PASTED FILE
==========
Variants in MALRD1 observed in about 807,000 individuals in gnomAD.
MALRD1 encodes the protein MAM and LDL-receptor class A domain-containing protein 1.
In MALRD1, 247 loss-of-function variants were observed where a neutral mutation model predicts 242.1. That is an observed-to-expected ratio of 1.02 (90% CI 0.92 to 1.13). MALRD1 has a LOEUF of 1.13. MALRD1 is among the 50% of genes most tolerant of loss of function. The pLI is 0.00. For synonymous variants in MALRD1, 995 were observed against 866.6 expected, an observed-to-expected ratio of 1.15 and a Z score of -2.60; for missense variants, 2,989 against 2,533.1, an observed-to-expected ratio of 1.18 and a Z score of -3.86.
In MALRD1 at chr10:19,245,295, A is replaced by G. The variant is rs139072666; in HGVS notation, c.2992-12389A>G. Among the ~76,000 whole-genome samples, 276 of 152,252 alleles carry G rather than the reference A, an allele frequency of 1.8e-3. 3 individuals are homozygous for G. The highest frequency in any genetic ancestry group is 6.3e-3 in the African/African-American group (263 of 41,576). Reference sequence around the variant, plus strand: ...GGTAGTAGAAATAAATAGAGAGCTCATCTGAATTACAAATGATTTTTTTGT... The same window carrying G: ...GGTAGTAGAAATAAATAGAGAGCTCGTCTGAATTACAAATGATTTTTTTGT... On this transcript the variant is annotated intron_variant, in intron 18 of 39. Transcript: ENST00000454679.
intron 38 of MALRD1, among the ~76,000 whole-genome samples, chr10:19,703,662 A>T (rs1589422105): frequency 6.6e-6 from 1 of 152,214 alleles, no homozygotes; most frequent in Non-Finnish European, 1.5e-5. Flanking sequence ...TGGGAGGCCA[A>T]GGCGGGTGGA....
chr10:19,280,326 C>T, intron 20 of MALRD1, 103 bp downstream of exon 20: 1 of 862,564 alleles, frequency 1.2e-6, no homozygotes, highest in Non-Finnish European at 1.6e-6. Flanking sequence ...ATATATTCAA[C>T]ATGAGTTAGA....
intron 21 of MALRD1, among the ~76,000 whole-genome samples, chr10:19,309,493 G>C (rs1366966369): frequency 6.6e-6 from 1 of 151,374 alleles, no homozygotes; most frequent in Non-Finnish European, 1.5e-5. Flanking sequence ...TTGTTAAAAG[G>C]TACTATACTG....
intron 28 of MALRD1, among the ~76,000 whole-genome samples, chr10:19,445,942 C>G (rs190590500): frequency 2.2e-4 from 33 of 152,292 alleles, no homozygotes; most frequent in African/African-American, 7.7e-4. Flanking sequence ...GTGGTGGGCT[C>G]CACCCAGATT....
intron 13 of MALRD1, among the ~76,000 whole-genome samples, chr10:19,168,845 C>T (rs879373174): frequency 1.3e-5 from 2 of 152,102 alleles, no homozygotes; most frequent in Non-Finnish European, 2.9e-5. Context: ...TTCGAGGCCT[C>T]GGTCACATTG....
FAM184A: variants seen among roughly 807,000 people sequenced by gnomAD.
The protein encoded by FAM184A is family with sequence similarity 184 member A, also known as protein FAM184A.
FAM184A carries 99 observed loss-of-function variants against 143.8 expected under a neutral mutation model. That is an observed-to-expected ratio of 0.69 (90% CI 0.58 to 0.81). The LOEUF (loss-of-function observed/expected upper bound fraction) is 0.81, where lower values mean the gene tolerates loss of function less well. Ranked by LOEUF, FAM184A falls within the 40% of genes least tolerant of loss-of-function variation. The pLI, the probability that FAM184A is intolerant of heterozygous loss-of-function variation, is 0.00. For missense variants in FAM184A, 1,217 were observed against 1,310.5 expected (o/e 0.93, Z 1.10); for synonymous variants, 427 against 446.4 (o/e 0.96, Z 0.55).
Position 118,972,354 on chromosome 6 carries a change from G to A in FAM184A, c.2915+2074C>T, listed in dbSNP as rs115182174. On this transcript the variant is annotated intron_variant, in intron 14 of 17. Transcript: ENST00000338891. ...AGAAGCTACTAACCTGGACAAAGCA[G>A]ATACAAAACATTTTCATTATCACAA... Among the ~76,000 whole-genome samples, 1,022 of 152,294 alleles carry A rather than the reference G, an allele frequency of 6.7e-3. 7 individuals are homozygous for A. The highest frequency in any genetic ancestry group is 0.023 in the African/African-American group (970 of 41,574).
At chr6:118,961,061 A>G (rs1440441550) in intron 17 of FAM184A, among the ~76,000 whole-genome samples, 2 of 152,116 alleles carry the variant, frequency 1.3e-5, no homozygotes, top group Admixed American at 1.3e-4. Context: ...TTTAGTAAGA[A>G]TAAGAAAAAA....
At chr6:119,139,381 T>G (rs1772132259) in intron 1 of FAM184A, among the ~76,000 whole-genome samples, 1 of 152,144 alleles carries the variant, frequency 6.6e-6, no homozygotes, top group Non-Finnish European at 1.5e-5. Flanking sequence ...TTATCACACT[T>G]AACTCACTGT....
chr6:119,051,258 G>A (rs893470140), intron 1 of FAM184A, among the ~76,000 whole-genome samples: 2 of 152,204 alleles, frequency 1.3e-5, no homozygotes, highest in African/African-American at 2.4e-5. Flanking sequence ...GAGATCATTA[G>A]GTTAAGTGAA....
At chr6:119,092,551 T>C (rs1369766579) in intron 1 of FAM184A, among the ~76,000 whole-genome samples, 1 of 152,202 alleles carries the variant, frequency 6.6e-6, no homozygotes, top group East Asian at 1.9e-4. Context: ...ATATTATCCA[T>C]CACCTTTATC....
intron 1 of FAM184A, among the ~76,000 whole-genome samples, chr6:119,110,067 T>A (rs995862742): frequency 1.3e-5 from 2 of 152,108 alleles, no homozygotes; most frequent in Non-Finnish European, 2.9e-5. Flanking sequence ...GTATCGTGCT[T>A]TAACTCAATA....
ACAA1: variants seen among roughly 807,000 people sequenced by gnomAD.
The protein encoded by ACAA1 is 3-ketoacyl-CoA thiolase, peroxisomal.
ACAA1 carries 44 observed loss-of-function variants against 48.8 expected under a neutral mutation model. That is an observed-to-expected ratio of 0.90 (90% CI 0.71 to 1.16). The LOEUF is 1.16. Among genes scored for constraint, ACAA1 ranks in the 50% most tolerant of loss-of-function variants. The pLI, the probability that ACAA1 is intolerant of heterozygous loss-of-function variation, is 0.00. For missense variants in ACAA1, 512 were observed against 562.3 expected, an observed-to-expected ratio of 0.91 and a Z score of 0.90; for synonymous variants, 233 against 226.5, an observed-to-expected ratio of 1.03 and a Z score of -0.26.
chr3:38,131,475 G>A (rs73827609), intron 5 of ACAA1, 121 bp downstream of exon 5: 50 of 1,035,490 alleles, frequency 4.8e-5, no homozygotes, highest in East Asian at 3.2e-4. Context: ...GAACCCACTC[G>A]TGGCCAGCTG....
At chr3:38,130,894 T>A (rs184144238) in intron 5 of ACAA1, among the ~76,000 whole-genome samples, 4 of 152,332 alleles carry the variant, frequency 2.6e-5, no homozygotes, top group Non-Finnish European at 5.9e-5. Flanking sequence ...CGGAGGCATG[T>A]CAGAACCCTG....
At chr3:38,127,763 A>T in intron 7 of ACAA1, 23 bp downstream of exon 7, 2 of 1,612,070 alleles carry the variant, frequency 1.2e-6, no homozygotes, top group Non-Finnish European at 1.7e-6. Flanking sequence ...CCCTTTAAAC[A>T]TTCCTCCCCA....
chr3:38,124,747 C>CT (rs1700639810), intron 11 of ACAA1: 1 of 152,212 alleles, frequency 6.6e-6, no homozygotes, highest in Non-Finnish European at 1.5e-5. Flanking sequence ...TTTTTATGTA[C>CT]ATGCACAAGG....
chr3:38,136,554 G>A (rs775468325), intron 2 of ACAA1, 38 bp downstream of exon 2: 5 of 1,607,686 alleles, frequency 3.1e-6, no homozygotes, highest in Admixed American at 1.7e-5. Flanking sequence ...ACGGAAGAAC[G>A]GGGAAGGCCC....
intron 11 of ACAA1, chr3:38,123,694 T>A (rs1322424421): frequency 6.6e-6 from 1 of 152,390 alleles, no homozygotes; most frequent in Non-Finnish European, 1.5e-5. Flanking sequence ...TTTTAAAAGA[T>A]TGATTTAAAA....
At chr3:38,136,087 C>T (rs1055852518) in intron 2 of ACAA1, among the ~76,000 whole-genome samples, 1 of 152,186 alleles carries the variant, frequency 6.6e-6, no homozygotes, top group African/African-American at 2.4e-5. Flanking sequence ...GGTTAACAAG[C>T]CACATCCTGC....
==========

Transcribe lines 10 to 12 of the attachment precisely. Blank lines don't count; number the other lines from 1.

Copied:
FAM184A: variants seen among roughly 807,000 people sequenced by gnomAD.
The protein encoded by FAM184A is family with sequence similarity 184 member A, also known as protein FAM184A.
FAM184A carries 99 observed loss-of-function variants against 143.8 expected under a neutral mutation model. That is an observed-to-expected ratio of 0.69 (90% CI 0.58 to 0.81). The LOEUF (loss-of-function observed/expected upper bound fraction) is 0.81, where lower values mean the gene tolerates loss of function less well. Ranked by LOEUF, FAM184A falls within the 40% of genes least tolerant of loss-of-function variation. The pLI, the probability that FAM184A is intolerant of heterozygous loss-of-function variation, is 0.00. For missense variants in FAM184A, 1,217 were observed against 1,310.5 expected (o/e 0.93, Z 1.10); for synonymous variants, 427 against 446.4 (o/e 0.96, Z 0.55).